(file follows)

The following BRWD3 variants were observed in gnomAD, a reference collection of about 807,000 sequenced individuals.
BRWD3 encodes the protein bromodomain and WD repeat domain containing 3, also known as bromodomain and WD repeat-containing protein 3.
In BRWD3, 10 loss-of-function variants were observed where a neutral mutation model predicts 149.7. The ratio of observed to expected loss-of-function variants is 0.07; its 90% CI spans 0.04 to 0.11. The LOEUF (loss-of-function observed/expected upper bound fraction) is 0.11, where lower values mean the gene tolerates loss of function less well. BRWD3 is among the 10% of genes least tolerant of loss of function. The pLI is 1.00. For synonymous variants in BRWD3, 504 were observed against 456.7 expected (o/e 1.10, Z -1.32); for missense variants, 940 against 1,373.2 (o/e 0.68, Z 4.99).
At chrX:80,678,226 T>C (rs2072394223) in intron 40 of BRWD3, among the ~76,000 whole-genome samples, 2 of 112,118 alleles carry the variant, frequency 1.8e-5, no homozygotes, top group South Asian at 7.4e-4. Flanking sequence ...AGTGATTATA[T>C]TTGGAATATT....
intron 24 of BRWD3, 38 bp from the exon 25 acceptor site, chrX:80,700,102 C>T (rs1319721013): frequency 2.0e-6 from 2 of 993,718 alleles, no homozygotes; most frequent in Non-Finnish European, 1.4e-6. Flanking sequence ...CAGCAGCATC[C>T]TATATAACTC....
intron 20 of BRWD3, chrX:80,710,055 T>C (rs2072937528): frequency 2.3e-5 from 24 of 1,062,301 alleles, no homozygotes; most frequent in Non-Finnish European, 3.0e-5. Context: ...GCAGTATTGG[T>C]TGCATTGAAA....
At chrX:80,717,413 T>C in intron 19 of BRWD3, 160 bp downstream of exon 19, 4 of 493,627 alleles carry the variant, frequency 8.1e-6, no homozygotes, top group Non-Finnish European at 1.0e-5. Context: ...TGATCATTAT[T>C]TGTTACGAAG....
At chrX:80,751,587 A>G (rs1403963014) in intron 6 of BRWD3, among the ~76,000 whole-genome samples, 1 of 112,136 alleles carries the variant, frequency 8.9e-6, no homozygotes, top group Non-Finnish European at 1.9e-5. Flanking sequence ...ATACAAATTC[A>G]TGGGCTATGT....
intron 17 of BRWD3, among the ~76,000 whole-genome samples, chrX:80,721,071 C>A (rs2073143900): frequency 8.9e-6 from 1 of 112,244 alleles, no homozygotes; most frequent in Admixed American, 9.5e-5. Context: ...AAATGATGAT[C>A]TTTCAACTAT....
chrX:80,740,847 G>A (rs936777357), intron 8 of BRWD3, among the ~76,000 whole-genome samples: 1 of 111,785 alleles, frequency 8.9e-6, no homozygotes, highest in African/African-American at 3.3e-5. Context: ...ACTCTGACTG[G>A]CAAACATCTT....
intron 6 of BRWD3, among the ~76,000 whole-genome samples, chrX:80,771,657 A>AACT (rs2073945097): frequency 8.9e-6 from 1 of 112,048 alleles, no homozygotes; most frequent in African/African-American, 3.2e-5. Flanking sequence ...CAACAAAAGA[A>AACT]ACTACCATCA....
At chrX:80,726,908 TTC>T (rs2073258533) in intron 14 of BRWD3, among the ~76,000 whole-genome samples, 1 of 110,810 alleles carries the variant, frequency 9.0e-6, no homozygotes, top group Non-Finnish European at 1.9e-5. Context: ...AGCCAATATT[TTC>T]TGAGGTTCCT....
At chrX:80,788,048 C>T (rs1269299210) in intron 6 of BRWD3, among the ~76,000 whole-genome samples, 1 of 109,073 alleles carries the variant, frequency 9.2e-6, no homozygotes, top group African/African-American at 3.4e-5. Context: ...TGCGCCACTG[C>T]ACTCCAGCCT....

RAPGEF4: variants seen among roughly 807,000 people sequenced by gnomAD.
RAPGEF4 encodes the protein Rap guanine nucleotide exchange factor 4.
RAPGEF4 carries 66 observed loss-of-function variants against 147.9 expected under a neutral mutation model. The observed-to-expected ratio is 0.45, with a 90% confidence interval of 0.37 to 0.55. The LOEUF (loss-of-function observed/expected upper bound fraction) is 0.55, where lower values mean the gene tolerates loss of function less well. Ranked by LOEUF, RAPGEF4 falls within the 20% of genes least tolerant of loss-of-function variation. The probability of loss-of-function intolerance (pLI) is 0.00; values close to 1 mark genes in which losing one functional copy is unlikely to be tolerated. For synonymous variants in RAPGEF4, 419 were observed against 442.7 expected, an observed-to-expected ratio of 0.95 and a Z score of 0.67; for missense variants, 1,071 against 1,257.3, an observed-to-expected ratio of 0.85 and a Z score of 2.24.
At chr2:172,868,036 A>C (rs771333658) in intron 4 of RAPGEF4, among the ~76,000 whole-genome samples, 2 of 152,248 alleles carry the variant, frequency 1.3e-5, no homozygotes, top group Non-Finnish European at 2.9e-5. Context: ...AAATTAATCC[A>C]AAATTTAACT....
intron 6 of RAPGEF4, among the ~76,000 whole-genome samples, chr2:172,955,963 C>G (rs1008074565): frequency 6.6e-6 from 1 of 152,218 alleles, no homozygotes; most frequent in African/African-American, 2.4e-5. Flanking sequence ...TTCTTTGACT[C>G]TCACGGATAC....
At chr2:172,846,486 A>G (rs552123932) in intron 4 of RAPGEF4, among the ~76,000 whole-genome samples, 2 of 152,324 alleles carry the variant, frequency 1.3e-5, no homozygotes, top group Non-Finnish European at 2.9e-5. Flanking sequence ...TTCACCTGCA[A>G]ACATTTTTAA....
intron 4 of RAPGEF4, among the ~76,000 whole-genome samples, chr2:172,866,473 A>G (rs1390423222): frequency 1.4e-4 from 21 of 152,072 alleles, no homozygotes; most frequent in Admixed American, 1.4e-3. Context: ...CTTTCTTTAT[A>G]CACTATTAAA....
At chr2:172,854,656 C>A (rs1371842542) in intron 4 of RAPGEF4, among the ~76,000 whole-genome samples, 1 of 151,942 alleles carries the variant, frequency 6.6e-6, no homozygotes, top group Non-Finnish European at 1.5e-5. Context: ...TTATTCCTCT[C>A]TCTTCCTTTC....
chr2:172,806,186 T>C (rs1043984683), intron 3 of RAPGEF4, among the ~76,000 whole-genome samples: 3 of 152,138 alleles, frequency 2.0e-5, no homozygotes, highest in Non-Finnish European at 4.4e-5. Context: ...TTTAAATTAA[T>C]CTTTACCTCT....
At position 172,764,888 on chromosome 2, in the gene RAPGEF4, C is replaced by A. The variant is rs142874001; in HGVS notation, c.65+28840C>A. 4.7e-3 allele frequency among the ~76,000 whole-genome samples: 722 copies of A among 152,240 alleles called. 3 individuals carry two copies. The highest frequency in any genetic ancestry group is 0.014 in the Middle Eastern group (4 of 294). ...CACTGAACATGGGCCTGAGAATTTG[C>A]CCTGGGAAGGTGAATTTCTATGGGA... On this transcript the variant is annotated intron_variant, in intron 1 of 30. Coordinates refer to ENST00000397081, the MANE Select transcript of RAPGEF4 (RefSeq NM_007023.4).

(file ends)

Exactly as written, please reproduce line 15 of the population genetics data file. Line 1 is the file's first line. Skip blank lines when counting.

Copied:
RAPGEF4 encodes the protein Rap guanine nucleotide exchange factor 4.